Last semester, members of my grad cohort had dinner with a very cool queer theorist who was guest speaking at the university. We were thrilled to meet her and discuss her work. We were even more thrilled when advisors later told us, “Professor G loved you! She said you were so [inset gaggle of compliments].” We beamed like kindergartners awarded gold stars.
Then our advisor added, “Professor G was so impressed that you were so uncompetitive with one another.”
That last comment threw me a little, because I’ve never seen myself as non-competitive. Was I losing my edge?
I later learned that Professor G felt the students at her R1 were competitive in a destructive way. They’d ask questions not out of genuine interest in one another’s work, but in an attempt to one-up one another by tearing each other’s work down. That’s competition?
I think back to the members of my cohort. F works on art activism in queer communities of color. C’s work is on trafficking of women. B is looking into transwomen of color in the diaspora. N studies how colonial legal systems have enshrined violence against women. Professor G was right. They’re each doing vital work, and I’ve no desire to try to tear that down.
* * *
As a feminist involved in anti-capitalist and anti-globalization struggles, statements like “Well, capitalism is the best system that we have” or “What else is there?” frustrate the hell out of me. I can’t express how grateful I am to people who have refused to accept the inevitability of capitalism and the facile equation of capitalist development with progress.
My grad cohort could not even think of our work without of people like Mohanty and Spivak and Fanon.
Lisa Lowe, Audre Lorde, Homi Bhaba, Sr. Mary John Mananzan.
And the countless others, whose own works are the result of collaboration and building on the work of others.
Which makes me think of the renga.
* * *
Renga is a traditional form of Japanese collaborative poetry. One poet writes the first stanza, and another poet the next. They continue alternating writing stanzas until the poem is finished. The stanzas are linked by theme as well as structure (the third stanza follows the structure of the first, the fourth stanza follows the structure of the second, and so one until the end). Many renga are 100 lines long, while some are over 1000 lines.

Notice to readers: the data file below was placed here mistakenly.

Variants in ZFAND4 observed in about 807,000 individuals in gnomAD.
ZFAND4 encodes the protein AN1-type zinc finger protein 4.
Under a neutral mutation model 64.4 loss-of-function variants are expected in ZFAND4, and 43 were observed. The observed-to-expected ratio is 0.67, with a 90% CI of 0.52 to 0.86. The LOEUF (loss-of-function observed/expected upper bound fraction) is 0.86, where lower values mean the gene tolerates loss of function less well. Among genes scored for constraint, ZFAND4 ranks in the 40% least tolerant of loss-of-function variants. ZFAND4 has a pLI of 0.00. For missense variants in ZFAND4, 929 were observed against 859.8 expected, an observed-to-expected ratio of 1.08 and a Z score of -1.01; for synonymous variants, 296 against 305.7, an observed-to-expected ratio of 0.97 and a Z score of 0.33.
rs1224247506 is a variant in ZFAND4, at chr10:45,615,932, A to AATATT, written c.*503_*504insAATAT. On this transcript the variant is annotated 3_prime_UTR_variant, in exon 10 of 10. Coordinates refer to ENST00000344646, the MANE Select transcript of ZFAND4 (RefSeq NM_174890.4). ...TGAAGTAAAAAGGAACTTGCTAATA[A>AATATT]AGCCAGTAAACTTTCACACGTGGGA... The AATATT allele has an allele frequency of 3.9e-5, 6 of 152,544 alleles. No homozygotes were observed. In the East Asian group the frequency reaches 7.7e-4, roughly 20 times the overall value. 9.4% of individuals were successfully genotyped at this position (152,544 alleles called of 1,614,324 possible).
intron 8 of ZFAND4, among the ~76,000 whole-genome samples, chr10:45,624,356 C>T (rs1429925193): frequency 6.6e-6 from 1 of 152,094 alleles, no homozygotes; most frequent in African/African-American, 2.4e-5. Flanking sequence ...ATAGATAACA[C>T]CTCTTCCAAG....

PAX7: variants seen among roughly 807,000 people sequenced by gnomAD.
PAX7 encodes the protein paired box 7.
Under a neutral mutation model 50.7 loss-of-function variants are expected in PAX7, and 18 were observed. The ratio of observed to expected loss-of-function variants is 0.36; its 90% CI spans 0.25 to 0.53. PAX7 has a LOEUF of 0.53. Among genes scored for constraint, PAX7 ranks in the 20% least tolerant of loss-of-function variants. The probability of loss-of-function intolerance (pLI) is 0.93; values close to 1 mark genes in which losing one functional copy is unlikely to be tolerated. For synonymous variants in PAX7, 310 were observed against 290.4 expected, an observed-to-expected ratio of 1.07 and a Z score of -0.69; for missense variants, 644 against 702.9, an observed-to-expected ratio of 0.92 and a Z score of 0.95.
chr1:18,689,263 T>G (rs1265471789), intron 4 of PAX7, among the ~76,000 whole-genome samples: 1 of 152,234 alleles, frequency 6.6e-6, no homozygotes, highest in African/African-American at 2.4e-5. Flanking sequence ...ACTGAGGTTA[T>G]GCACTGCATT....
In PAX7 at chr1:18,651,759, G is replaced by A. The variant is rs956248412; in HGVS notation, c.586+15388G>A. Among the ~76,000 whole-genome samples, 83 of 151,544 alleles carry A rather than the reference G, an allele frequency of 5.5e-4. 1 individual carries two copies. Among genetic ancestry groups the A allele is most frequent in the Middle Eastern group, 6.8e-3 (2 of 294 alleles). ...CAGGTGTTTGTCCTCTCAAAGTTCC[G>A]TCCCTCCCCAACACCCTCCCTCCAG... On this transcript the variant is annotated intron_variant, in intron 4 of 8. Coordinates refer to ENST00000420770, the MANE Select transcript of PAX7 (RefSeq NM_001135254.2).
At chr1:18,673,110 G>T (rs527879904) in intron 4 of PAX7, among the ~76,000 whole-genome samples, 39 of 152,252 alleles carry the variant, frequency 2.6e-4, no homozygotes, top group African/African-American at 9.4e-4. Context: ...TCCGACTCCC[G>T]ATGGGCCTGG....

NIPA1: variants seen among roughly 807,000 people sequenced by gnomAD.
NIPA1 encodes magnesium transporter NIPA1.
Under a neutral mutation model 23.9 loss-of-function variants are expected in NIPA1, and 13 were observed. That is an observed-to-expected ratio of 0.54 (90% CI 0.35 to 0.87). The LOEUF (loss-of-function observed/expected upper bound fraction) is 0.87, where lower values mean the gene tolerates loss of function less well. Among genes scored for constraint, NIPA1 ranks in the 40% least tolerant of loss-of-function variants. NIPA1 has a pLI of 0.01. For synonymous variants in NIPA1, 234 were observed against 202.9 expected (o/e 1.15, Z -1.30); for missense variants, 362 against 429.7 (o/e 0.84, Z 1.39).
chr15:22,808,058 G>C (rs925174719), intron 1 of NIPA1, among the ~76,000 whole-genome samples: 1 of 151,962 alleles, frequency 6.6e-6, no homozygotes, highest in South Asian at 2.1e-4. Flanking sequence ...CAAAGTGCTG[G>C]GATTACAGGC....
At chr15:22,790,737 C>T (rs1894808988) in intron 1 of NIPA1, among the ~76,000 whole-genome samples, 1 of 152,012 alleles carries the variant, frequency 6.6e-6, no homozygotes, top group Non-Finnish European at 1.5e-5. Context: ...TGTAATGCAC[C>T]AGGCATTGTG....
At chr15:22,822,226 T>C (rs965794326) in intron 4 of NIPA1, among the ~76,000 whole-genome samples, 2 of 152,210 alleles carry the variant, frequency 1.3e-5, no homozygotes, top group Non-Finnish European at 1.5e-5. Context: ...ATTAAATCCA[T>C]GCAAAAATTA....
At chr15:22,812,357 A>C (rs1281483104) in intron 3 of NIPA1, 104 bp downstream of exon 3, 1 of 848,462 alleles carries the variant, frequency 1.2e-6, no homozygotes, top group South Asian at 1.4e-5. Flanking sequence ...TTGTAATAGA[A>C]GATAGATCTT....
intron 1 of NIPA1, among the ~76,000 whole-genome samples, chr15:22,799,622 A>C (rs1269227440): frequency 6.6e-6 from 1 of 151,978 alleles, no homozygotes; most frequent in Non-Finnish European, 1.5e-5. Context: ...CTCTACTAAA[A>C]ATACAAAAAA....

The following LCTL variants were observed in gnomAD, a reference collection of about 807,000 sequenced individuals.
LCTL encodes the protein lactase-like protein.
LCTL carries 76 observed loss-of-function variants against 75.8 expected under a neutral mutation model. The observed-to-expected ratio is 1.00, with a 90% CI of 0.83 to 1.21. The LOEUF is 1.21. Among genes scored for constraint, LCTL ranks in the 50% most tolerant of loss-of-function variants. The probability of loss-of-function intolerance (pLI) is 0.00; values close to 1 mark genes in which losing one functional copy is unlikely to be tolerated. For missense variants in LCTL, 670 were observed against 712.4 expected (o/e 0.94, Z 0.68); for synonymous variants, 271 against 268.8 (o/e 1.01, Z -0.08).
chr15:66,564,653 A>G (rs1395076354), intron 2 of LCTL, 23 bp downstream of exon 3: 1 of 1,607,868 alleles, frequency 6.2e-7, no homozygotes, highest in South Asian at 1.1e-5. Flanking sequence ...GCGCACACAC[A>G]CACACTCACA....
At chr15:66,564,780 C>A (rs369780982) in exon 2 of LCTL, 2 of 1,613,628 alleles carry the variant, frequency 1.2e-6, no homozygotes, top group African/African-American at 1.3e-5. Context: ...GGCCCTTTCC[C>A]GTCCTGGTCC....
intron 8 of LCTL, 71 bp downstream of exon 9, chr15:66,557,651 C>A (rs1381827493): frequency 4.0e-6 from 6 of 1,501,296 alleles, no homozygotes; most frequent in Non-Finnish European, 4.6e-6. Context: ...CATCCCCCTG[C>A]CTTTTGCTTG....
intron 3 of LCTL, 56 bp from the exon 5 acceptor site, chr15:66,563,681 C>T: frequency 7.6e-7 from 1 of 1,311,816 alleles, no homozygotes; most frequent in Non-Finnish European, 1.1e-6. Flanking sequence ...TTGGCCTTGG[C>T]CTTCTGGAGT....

One of my professors said that some renga were transgenerational, completed by poets over years and decades. But this beautiful form of poetry fell out of favor in the late 1800s, with Western poetry’s emphasis on individual authorship.
In 1969, Octavio Paz (writing in Spanish), Charles Tomlinson (British English), Jacques Roubaud (French), and Edoardo Sanguineti (Italian) got together for five days of collective writing and produced a multilingual Renga in honor of Andre Breton. In addition to the way renga allows collaboration and oscillation between languages, this Paz-driven project shows how this traditional form of poetry functions as dialogue, where participants are both authors and audience.
It’s also poetic form that lends itself to virtual collaboration, so it makes sense that renga groups are popping up all over the Internet. The renga, it seems, is due for a revival.
* * *
I think the renga is the perfect metaphor for our work.
I have no illusions that we could do away with colonialism and capitalism in my lifetime. But that’s not really the point of allying oneself with anti-capitalist and anti-globalization struggles. Instead, I do think of this work as a renga. The confluence of colonialism and capitalism reproduces itself by commodifying the lives and bodies of women. This is what we have to compete against. Not one another.
So I’m grateful that F works on queer communities of color, and B works on transwoc in the diaspora, and N studies colonial legal structures and C works on trafficking of women. And I’m grateful for organizations like the Asian Indigenous Womens Network and GABRIELA. And all the other people and organizations whose work contributes to this renga.
Salamat at Padayon.